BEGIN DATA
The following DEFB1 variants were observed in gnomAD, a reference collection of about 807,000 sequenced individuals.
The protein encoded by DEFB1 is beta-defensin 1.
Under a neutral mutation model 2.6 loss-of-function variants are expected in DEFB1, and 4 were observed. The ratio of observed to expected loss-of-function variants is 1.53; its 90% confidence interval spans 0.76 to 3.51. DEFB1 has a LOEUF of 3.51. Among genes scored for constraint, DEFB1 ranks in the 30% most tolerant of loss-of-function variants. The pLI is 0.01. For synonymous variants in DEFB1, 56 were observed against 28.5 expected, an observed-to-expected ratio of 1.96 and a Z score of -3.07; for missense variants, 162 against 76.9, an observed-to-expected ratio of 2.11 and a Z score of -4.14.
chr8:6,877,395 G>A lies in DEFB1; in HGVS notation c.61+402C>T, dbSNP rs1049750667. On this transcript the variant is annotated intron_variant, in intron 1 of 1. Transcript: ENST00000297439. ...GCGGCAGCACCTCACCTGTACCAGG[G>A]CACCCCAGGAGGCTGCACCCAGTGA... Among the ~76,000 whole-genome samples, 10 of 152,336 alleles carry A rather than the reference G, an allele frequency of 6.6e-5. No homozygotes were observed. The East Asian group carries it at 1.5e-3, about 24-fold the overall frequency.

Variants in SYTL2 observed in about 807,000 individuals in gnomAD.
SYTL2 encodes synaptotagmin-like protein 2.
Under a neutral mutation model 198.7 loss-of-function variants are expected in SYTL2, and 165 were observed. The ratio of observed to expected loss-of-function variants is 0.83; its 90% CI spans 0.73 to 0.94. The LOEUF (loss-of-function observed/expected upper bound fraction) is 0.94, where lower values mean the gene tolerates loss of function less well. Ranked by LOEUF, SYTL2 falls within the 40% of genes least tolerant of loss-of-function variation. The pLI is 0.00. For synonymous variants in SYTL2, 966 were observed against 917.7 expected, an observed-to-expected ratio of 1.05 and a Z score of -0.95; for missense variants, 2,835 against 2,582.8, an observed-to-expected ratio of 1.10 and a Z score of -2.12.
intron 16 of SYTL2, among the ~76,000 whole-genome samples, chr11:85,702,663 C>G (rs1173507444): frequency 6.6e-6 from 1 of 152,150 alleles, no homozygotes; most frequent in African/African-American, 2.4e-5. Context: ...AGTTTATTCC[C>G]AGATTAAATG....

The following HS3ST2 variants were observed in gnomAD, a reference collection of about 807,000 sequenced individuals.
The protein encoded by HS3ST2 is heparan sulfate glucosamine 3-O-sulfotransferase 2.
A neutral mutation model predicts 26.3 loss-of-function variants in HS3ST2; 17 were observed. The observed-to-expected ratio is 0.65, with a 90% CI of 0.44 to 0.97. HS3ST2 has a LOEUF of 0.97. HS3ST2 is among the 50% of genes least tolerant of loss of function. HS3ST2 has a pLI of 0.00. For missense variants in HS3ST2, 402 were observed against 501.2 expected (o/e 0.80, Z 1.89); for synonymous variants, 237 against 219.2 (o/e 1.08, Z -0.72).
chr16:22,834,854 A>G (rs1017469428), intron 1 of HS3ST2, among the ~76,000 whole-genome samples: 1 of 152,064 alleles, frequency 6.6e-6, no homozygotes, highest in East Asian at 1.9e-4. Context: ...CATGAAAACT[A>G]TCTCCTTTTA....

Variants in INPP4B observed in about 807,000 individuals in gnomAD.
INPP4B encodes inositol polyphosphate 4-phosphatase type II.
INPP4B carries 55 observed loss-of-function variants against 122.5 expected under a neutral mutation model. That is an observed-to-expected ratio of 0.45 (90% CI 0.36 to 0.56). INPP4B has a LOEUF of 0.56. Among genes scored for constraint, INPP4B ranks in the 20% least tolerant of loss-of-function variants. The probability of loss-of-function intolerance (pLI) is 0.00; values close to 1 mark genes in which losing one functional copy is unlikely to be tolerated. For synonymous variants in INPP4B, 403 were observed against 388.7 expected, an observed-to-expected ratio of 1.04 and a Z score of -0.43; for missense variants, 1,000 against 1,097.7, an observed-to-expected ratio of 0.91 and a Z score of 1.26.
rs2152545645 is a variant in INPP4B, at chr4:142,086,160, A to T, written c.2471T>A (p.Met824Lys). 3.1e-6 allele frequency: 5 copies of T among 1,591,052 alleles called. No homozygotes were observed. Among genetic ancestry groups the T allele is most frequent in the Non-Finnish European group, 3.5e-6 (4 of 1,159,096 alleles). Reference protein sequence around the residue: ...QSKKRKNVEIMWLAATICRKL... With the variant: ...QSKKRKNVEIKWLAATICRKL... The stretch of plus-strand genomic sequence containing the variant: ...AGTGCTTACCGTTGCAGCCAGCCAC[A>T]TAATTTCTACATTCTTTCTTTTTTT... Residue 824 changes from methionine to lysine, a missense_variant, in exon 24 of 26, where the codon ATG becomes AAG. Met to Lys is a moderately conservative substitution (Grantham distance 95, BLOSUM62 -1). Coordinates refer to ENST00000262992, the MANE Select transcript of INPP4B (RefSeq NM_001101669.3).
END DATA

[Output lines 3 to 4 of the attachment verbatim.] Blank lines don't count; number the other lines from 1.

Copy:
Under a neutral mutation model 2.6 loss-of-function variants are expected in DEFB1, and 4 were observed. The ratio of observed to expected loss-of-function variants is 1.53; its 90% confidence interval spans 0.76 to 3.51. DEFB1 has a LOEUF of 3.51. Among genes scored for constraint, DEFB1 ranks in the 30% most tolerant of loss-of-function variants. The pLI is 0.01. For synonymous variants in DEFB1, 56 were observed against 28.5 expected, an observed-to-expected ratio of 1.96 and a Z score of -3.07; for missense variants, 162 against 76.9, an observed-to-expected ratio of 2.11 and a Z score of -4.14.
chr8:6,877,395 G>A lies in DEFB1; in HGVS notation c.61+402C>T, dbSNP rs1049750667. On this transcript the variant is annotated intron_variant, in intron 1 of 1. Transcript: ENST00000297439. ...GCGGCAGCACCTCACCTGTACCAGG[G>A]CACCCCAGGAGGCTGCACCCAGTGA... Among the ~76,000 whole-genome samples, 10 of 152,336 alleles carry A rather than the reference G, an allele frequency of 6.6e-5. No homozygotes were observed. The East Asian group carries it at 1.5e-3, about 24-fold the overall frequency.